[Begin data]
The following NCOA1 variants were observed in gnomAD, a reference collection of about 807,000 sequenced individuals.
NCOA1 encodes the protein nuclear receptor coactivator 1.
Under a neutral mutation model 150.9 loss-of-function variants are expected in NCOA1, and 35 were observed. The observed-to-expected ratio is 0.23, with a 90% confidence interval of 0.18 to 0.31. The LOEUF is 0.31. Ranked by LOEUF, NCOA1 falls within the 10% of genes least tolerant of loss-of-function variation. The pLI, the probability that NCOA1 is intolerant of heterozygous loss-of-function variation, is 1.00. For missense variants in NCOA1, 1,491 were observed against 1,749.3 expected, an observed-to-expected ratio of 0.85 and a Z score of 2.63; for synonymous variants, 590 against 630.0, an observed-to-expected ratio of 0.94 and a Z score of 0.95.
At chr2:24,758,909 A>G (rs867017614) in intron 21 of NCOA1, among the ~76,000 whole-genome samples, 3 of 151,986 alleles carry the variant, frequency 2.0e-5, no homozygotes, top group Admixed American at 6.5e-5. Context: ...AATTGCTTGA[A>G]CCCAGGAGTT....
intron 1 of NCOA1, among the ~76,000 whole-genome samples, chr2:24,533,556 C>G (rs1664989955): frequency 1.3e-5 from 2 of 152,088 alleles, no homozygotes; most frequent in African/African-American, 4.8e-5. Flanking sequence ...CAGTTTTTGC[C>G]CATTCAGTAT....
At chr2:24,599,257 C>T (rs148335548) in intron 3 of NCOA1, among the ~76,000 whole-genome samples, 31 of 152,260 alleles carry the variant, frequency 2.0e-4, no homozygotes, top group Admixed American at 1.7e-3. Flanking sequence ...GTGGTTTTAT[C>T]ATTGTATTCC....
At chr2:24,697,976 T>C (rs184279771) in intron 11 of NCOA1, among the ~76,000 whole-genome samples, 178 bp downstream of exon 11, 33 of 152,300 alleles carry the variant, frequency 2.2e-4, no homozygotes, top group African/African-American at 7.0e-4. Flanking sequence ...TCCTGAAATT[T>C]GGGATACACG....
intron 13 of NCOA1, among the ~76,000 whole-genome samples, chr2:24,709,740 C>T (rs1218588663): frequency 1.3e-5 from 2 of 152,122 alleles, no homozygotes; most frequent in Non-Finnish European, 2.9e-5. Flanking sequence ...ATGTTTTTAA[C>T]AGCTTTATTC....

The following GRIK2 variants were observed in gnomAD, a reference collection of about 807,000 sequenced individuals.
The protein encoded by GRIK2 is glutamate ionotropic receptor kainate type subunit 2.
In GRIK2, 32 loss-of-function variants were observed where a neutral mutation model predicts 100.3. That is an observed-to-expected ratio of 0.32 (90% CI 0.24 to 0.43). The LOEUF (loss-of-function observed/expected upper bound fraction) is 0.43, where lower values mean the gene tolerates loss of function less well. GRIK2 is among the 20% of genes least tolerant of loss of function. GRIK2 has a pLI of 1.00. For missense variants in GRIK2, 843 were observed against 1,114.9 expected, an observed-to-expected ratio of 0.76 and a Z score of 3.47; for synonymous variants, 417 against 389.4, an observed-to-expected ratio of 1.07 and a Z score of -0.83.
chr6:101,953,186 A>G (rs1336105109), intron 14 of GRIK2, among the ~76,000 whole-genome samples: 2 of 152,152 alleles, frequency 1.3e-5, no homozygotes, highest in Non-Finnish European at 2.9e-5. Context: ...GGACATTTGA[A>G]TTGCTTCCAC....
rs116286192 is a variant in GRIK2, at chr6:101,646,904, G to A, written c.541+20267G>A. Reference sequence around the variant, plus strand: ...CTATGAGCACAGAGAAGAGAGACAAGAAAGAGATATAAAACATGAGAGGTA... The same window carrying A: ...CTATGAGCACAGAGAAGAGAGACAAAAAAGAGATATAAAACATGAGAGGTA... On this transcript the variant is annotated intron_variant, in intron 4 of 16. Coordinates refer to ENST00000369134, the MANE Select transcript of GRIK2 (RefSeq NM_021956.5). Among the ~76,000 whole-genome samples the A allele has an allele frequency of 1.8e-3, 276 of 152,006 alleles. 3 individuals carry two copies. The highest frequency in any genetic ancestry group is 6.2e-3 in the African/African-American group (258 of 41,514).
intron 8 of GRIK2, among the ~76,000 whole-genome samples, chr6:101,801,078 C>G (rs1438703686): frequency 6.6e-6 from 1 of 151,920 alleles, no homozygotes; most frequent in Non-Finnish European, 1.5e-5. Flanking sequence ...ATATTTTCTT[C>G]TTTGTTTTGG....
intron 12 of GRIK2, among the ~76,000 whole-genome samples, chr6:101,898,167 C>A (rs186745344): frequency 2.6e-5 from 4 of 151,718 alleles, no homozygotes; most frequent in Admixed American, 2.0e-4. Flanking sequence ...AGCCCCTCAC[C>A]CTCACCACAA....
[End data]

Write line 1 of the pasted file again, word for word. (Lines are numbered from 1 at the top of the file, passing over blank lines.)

The following NCOA1 variants were observed in gnomAD, a reference collection of about 807,000 sequenced individuals.